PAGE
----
gms | German Medical Science

128. Kongress der Deutschen Gesellschaft für Chirurgie

Deutsche Gesellschaft für Chirurgie

03.05. - 06.05.2011, München

Progenitor cell homing in the postischemic myocardium: just an unmotivated pitstop in the microcirculation?

Meeting Abstract

  • Rene Schramm - Ludwig-Maximilians-Universität, Herzchirurgische Klinik und Poliklinik, München
  • Fabio Tuche - State University of Rio de Janeiro, Laboratory for Research in Microcirculation, Rio de Janero
  • Christina Körbel - Universität des Saarlandes, Institut für Klinisch-Experimentelle Chirurgie, Homburg/Saar
  • Eliete Bouskela - State University of Rio de Janeiro, Laboratory for Research in Microcirculation, Rio de Janero
  • Michael D. Menger - Universität des Saarlandes, Institut für Klinisch-Experimentelle Chirurgie, Homburg/Saar

Deutsche Gesellschaft für Chirurgie. 128. Kongress der Deutschen Gesellschaft für Chirurgie. München, 03.-06.05.2011. Düsseldorf: German Medical Science GMS Publishing House; 2011. Doc11dgch438

DOI: 10.3205/11dgch438, URN: urn:nbn:de:0183-11dgch4380

Veröffentlicht: 20. Mai 2011

© 2011 Schramm et al.
Dieser Artikel ist ein Open Access-Artikel und steht unter den Creative Commons Lizenzbedingungen (http://creativecommons.org/licenses/by-nc-nd/3.0/deed.de). Er darf vervielfältigt, verbreitet und öffentlich zugänglich gemacht werden, vorausgesetzt dass Autor und Quelle genannt werden.


Gliederung

Text

Introduction: We developed a new model for the direct assessment of bone marrow-derived progenitor cell (BMC) sequestration in the postischemic murine myocardium.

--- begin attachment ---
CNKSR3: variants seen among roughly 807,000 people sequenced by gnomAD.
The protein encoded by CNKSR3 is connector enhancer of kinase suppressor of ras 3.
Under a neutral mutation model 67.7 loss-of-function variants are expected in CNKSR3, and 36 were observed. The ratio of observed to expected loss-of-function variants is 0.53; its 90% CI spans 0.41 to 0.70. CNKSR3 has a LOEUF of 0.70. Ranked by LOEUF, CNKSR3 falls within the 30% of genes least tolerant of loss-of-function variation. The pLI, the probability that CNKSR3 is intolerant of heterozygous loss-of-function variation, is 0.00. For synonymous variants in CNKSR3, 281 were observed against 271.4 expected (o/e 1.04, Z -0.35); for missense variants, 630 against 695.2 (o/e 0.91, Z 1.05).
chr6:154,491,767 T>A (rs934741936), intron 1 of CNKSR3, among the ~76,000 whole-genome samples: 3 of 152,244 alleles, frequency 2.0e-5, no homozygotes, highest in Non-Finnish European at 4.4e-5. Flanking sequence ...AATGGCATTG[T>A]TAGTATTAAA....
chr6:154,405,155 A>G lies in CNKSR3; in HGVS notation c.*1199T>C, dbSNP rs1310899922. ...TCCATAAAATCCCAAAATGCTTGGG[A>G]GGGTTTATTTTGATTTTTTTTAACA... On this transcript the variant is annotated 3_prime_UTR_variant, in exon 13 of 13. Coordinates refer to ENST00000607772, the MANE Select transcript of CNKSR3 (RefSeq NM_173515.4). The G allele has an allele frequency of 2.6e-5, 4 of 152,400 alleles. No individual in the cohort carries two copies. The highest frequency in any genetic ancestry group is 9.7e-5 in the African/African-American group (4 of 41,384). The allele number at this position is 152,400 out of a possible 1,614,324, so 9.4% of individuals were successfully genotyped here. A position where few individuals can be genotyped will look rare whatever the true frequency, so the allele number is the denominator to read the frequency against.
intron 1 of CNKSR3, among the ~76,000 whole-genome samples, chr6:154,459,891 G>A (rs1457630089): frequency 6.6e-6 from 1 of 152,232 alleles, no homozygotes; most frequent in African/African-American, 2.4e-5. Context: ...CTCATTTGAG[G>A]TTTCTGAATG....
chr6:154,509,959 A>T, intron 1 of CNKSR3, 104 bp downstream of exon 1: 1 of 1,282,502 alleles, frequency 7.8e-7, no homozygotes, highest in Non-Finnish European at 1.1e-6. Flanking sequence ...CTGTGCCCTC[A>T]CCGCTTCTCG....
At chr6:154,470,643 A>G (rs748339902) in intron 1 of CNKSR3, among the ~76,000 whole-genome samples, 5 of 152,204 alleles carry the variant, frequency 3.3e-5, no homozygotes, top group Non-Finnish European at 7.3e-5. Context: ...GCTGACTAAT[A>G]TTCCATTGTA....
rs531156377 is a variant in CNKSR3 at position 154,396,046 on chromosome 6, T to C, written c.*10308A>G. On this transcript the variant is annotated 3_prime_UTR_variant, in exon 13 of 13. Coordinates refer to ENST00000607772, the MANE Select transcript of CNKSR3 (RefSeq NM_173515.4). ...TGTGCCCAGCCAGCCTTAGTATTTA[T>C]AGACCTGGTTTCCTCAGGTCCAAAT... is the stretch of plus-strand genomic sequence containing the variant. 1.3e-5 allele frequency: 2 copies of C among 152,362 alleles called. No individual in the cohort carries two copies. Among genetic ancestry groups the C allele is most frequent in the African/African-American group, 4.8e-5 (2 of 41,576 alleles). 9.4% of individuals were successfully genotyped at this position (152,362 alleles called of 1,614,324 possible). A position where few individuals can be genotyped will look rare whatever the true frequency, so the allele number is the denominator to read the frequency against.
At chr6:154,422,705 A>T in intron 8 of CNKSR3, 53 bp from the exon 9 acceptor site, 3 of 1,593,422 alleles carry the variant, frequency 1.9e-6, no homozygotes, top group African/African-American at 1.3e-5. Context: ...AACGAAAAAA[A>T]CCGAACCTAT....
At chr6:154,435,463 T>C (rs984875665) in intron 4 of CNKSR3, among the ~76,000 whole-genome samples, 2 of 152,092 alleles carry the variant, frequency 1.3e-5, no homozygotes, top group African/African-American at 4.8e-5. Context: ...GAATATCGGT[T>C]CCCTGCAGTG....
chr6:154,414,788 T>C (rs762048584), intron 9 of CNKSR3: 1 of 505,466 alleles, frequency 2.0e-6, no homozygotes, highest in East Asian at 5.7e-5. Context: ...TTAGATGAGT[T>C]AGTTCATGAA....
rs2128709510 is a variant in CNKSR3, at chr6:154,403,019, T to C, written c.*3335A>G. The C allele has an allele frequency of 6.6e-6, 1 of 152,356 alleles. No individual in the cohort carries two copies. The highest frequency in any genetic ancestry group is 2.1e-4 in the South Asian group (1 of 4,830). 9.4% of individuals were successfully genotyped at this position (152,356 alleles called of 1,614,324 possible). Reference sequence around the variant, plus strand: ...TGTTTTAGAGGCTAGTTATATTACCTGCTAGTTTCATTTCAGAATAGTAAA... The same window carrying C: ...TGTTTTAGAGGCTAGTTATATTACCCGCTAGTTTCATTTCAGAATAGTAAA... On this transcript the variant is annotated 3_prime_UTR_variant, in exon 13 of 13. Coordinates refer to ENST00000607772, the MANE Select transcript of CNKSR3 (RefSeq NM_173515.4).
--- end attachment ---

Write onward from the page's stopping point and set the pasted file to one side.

Materials and methods: Syngeneic heterotopic heart transplantation was used in C57/BL6 and atherosclerotic ApoE-/- mice. After short-term cold ischemia during transplantation, a 60min equilibration period was allowed before induction of 60 min warm ischemia. BMCs were harvested from the syngeneic heart donor and fluorescently labeled before intracoronary injection after additional 60 min of reperfusion.

Results: Intravital fluorescence microscopy (IVM) allowed detailed visualization of the subepicardial coronary microcirculation, including feeding arterioles, nutritive capillaries and postcapillary venules. Warm ischemia induced reperfusion failure in the myocardial microvasculature in C57/BL6 and atherosclerotic ApoE-/- mice, indicated by a reduced functional capillary density (FCD) (P<0.05 vs. non-warm ischemic C57/BL6 controls). We found that intracoronary BMC injection did not further impair the FCDs in both hearts exposed to warm ischemia and non-warm ischemic controls. Intracoronarily injected BMCs were found to sequester exclusively in myocardial capillaries. In contrast, blood-borne leukocytes were recruited in postcapillary coronary venules. Virtually no BMC-endothelial cell adhesive interactions were observed in coronary arterioles and venules, i.e. BMCs passed these segments of the coronary microcirculation within the free blood flow. The numbers of sequestered BMCs were comparable in warm ischemic C57/BL6 and atherosclerotic ApoE-/- mice as well as non-warm ischemic controls. Moreover, Comparable numbers of BMCs sequestered in syngeneically transplanted CD31-/- and LFA-1-/- hearts.

Conclusion: This is the first study allowing direct assessment of intracoronarily injected BMCs homing to postischemic myocardium in vivo. Our novel data demonstrate that intracoronarily injected BMCs sequester in the postischemic myocardium exclusively by plugging in nutritive myocardial capillaries rather than by active recruitment via the endothelial lining of coronary arterioles or postcapillary venules.